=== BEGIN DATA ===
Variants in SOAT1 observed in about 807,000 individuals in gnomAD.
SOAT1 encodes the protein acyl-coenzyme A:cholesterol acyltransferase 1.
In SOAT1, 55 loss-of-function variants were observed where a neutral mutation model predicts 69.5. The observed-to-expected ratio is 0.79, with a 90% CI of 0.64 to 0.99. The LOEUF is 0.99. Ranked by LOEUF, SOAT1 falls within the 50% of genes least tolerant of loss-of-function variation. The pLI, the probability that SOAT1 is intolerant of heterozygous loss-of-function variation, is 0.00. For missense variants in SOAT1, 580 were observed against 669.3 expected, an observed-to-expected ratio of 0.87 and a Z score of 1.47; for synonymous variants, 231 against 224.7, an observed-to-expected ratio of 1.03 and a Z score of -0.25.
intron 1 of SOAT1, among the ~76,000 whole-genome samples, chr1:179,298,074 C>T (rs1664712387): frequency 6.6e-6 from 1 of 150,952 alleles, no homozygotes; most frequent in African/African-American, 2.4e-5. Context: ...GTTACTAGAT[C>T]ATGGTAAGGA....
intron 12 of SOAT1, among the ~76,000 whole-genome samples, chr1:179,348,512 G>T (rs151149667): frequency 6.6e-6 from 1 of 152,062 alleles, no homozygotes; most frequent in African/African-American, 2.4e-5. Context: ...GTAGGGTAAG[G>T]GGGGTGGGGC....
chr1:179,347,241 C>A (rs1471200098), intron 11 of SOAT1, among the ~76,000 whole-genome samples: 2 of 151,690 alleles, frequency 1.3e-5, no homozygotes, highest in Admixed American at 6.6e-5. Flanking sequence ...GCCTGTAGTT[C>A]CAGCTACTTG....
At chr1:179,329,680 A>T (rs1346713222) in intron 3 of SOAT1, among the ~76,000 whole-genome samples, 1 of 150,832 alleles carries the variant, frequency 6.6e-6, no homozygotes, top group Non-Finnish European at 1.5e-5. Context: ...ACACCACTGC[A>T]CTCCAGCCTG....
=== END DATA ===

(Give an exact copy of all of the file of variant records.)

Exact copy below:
Variants in SOAT1 observed in about 807,000 individuals in gnomAD.
SOAT1 encodes the protein acyl-coenzyme A:cholesterol acyltransferase 1.
In SOAT1, 55 loss-of-function variants were observed where a neutral mutation model predicts 69.5. The observed-to-expected ratio is 0.79, with a 90% CI of 0.64 to 0.99. The LOEUF is 0.99. Ranked by LOEUF, SOAT1 falls within the 50% of genes least tolerant of loss-of-function variation. The pLI, the probability that SOAT1 is intolerant of heterozygous loss-of-function variation, is 0.00. For missense variants in SOAT1, 580 were observed against 669.3 expected, an observed-to-expected ratio of 0.87 and a Z score of 1.47; for synonymous variants, 231 against 224.7, an observed-to-expected ratio of 1.03 and a Z score of -0.25.
intron 1 of SOAT1, among the ~76,000 whole-genome samples, chr1:179,298,074 C>T (rs1664712387): frequency 6.6e-6 from 1 of 150,952 alleles, no homozygotes; most frequent in African/African-American, 2.4e-5. Context: ...GTTACTAGAT[C>T]ATGGTAAGGA....
intron 12 of SOAT1, among the ~76,000 whole-genome samples, chr1:179,348,512 G>T (rs151149667): frequency 6.6e-6 from 1 of 152,062 alleles, no homozygotes; most frequent in African/African-American, 2.4e-5. Context: ...GTAGGGTAAG[G>T]GGGGTGGGGC....
chr1:179,347,241 C>A (rs1471200098), intron 11 of SOAT1, among the ~76,000 whole-genome samples: 2 of 151,690 alleles, frequency 1.3e-5, no homozygotes, highest in Admixed American at 6.6e-5. Flanking sequence ...GCCTGTAGTT[C>A]CAGCTACTTG....
At chr1:179,329,680 A>T (rs1346713222) in intron 3 of SOAT1, among the ~76,000 whole-genome samples, 1 of 150,832 alleles carries the variant, frequency 6.6e-6, no homozygotes, top group Non-Finnish European at 1.5e-5. Context: ...ACACCACTGC[A>T]CTCCAGCCTG....